Reasonable adjustments: What is reasonable?
In Cordell v Foreign & Commonwealth Office, the EAT found that the cost of an adjustment for a deaf senior diplomat was not reasonable as it would cost about £250,000 per year to provide the support. We reported on the original ET judgment for this case earlier this year.
Whilst the EAT was very sympathetic to Ms Cordell’s situation, the requirement to provide reasonable adjustments does not extend to compensate the individual at whatever the cost. Further, the EAT confirmed that cost is one of the “central considerations” in the assessment of reasonableness and this must be weighed with the degree of benefit to the employee. Most cases will turn on their own facts. Therefore what is right in one situation may not be right in another. Further, the EAT has stated that the ET must consider what is “right and just” in those circumstances.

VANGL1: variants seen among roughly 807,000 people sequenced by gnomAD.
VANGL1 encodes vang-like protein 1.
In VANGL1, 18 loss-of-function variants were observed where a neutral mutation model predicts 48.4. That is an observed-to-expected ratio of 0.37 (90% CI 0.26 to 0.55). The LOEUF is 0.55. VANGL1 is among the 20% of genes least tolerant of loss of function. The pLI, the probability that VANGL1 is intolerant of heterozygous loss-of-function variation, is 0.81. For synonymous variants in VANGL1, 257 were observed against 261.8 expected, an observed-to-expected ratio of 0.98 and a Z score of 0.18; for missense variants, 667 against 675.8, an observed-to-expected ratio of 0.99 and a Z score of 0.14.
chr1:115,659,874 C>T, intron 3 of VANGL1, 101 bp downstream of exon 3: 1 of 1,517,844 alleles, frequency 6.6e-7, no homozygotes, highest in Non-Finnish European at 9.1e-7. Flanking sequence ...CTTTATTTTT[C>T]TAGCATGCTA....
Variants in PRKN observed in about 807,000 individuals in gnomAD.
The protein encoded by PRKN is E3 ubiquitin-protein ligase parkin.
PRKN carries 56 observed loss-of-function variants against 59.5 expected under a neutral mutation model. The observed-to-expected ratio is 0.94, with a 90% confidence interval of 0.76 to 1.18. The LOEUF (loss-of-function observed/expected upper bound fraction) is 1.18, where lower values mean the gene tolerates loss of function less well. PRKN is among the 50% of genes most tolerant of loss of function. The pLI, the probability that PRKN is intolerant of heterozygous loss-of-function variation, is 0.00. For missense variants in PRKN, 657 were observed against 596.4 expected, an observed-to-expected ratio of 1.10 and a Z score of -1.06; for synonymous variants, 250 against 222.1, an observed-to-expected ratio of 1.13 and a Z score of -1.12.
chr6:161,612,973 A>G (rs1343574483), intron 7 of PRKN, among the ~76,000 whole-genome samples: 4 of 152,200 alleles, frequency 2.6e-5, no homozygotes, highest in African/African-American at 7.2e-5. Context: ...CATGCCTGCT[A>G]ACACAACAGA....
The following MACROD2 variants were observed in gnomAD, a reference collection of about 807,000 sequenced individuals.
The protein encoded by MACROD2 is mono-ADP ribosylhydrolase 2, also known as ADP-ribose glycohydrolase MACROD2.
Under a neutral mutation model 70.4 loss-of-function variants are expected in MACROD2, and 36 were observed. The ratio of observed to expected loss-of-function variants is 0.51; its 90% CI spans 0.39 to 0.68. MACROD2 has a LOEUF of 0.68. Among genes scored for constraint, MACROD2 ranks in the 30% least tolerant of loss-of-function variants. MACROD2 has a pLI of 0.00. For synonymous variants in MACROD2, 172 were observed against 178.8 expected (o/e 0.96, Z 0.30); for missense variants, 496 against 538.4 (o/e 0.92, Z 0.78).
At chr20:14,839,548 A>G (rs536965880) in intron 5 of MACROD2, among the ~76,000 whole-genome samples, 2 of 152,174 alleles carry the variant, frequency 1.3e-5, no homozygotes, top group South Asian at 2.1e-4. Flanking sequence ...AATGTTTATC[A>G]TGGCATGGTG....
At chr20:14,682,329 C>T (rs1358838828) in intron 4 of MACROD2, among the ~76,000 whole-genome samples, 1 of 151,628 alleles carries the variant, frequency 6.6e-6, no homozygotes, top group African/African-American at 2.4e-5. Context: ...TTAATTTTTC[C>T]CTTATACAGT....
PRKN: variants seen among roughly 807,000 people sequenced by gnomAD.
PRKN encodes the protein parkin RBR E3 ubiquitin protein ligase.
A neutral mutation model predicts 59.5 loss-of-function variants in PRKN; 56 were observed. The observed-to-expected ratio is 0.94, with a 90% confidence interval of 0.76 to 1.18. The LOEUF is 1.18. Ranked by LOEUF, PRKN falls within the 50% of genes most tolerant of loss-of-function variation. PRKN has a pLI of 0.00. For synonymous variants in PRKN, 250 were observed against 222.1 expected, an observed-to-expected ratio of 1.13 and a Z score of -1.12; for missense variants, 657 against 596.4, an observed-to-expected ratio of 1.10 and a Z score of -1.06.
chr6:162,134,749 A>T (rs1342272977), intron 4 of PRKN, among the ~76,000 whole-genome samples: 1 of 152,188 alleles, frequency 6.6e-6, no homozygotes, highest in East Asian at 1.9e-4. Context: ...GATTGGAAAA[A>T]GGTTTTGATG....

The Code of Practice for Employment and Occupation sets out useful guidance in respect of the reasonableness of reasonable adjustments. A copy of the Code can be found here (page 73). In addition to these considerations, the EAT has stated that it will be reasonable to look at the employer’s reasonable adjustments budget (although this will not be conclusive), what the employer has spent in comparable situations, what other employers have/would spend and whether there is some type of collective agreement or other indication to suggest what would be reasonable in the circumstances.
The articles published on this website, current at the date of publication, are for reference purposes only. They do not constitute legal advice and should not be relied upon as such. Specific legal advice about your own circumstances should always be sought separately before taking any action.